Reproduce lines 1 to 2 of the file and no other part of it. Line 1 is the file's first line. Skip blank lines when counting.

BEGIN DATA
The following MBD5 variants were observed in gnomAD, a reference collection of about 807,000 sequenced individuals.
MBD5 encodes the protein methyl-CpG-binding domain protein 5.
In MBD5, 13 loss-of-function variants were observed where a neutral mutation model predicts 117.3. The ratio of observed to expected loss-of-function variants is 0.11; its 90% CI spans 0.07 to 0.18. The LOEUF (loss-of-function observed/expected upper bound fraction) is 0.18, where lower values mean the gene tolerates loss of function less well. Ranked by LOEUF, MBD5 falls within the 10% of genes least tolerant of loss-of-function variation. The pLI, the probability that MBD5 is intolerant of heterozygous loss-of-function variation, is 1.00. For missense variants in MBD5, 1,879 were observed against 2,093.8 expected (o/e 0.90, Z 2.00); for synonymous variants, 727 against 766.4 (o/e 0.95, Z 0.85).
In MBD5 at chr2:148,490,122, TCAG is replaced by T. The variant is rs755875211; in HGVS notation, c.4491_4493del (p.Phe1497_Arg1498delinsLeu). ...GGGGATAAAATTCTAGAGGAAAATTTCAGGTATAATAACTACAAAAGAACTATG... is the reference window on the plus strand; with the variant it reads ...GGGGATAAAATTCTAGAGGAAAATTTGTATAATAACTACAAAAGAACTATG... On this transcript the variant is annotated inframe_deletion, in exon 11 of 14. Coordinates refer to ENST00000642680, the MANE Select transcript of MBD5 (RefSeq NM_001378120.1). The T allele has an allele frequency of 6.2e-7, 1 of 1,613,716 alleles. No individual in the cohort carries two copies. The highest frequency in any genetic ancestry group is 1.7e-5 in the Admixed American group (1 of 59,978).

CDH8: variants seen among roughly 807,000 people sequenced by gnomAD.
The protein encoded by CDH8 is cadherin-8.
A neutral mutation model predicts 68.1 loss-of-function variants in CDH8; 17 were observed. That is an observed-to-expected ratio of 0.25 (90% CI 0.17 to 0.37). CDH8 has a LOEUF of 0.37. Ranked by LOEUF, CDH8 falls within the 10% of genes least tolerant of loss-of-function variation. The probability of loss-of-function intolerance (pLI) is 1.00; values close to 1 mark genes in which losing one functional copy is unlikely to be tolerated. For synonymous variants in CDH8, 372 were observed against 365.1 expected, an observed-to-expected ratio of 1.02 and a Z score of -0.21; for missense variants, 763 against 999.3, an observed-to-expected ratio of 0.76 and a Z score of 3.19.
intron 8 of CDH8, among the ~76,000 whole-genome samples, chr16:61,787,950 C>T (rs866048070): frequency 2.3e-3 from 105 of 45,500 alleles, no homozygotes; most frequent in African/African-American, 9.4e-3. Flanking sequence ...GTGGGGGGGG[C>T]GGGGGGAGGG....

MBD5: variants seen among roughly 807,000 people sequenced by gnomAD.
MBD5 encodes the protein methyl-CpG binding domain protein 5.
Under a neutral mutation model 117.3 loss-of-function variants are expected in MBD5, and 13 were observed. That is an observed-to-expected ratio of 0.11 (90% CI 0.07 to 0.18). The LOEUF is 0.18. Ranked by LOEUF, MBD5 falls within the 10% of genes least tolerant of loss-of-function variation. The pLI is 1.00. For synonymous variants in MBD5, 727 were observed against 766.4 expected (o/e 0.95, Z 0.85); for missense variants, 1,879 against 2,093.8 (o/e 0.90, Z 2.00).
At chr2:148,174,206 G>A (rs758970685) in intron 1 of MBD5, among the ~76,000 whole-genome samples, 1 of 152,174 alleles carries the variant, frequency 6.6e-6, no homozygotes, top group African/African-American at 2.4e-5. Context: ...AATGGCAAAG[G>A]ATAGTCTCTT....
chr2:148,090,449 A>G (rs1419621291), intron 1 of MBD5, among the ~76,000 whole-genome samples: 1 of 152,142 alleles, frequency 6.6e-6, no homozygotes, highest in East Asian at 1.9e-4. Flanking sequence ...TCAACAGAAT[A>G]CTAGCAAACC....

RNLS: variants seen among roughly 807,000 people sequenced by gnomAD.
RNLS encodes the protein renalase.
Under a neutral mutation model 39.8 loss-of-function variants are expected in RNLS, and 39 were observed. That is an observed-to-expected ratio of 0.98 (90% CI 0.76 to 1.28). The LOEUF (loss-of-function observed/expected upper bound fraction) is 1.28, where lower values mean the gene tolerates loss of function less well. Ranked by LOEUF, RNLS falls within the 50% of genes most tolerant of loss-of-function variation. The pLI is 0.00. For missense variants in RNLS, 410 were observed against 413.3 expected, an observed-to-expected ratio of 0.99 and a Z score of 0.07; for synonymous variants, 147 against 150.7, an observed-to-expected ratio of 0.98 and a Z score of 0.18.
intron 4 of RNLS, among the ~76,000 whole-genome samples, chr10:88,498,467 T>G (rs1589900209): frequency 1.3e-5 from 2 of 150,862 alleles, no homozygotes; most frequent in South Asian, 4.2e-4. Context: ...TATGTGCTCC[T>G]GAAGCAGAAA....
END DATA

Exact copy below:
The following MBD5 variants were observed in gnomAD, a reference collection of about 807,000 sequenced individuals.
MBD5 encodes the protein methyl-CpG-binding domain protein 5.